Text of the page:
What I hoped to be the most promising candidate, the Aerotype AAV-? did prove to be the one.   Mounting configuration worked well.  Cable throttle was attached to a throttle arm on the right side of the carburetor.  I could adjust it to give a nice smooth range of motion.  The fuel inlet located in the center of the carb made it relatively easy for me to fabricate a steel supply line to attach to the existing metal one that runs from the passage side of the engine to where the fuel pump is located on the 50 Series.  I had my doubts as to whether the stock fuel pump would handle the extra lift given the downdraft carb sits a lot higher than the updraft unit.  So far it seems to be working with no modification. 

     

    I kept stepping the jetting down from #48s to #42s and performance remained good through out all ranges down to 42s.  I used a #60 power valve.  So far the plug color indicates a good fuel mixture.   I plan to keep an eye on things as I begin to put some more miles on the car with extended run times.  I could be just a tad too lean.  I’ll see if I need to increase the jets or the power valve but so far so good.  I have taken quite a few pictures and will attempt to post them with this write up.  If they all won’t post I put them in a subsequent post.  Any and all feedback appreciated.  I have found this forum to be a wealth of information and without it I seriously doubt I would have a running 1932 Buick.  I hope the above will be of some help to someone in a similar situation.  

     

     

     

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    • Like 2
  8. Just finished reviewing all of the great information and input on the dual point distributor timing.   I'm in the process of re-ringing my 32 - 50 series and replacing the cracked head courtesy of a long time member who assisted me with a replacement.   Prior to starting the engine work I had gone thought the timing procedure as outlined in this thread.  I always wondered if I had gotten things just right in the process.   I came across a distributor from a 1933 50 series.   This distributor physically is the same with the exception it is a single point unit with an 8 lobe cam.    So in theory I think I was able to do away with the syncing of the second set of points.   I just set  the single set to the initial #1 advance mark on the flywheel and was done.    I had had a 1935 40 Series and it had a single point unit and it always worked well, didn't see why the same wouldn't be true for a 32.  Car seems to run as good or maybe better than when I was running the dual point unit.   Not sure this would be proper etiquette for one wanting a number matching car but for a driver like mine it seems to work.   Until I came across this 33 unit I often wondered if the four lobe cam could be changed to an 8 lobe and just use a single set of points in an original correct housing for a 32.   This might be a little off the topic but thought I would throw it out for comment anyways.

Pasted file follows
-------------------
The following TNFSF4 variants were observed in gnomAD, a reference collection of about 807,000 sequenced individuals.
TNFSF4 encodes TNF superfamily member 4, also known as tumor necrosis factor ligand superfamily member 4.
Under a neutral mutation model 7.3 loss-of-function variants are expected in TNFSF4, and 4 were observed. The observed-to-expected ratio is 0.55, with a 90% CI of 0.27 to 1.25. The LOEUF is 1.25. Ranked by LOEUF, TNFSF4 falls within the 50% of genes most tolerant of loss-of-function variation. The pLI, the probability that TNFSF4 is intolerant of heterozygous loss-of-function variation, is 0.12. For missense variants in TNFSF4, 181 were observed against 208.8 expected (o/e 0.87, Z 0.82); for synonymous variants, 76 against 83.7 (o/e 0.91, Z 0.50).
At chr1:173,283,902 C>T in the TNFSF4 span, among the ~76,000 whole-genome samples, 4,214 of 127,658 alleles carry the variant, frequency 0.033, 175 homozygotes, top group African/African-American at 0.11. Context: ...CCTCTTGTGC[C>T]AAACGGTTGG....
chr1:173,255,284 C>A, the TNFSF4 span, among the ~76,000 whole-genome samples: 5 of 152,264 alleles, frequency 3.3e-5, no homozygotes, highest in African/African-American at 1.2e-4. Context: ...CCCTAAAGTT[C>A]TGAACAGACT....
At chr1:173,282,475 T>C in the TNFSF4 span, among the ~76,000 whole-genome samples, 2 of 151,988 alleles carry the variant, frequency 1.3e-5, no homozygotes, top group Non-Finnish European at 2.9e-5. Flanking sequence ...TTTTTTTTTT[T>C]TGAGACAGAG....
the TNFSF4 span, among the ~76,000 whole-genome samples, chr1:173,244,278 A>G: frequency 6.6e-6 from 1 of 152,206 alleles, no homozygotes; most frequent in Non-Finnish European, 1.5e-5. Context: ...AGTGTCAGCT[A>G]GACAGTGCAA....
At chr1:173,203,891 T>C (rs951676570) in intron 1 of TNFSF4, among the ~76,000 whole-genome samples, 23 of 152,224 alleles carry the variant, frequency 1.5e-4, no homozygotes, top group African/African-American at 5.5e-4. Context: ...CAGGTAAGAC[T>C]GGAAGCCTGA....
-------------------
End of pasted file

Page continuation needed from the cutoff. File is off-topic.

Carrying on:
9. Update

     

    Hypothesis of how rear drum lug studs are anchored.   On the back view of the rear drum hub you can see where the stud that has two dogs goes in.  The dogs keep the stud from possibly rotating.  On the out board side you can see there is a beveled dish.  I believe the studs are pre-formed with the back side mushroomed with the dogs and the front side just below the threads is a thickened area that when pressed into the drum hub forms a mashed wedge that fills the beveled dish on the front side of the drum hub.  What basically happens is the lug is riveted to the drum hub.   I had to drill the threaded lug stud out and then take a dremmel  tool and cut away the portion of the stud that was mashed into the bevel.  What I found was that the stud could be drilled but the mashed portion in the bevel was extremely hard and would not drill.  Ruined a couple of bits before resorting to the dremmel tool.   These studs could have quite possibly be put in hot like a rivet and then pressed into place.  They can be replaced but it’s not the easiest task.   Remnant of the studs shows how it is sandwiched like a rivet.   

     

    The earlier picture showing the studs welded was from an earlier owners repair.  Stock lugs have the large mushroom head on the in board side.   

     

     

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  10. Looking for some advice on rear brake drum lug nut studs.   I have a broken stud and one that is stripped.  I see where someone had replaced the studs on the one side.  Not too pretty looking but works.  What I can’t figure out is how these things are anchored.  I don’t think they’re pressed on in the usual manner.  I found one stud that is slightly loose.  When I rotate it the entire thing moves, including what looks like the big flat end inside of the drum.   When I cleaned up the one broken stud the part that looks like a washer is actually part of the stud assembly and rotates on the one loose stud.   I don’t want to ruin the drum if at all possible.  I am more tempted to drill it out as opposed to trying to press it out.   Has anyone faced this problem and come up with the solution or knows how these things are anchored in the drum?  Thanks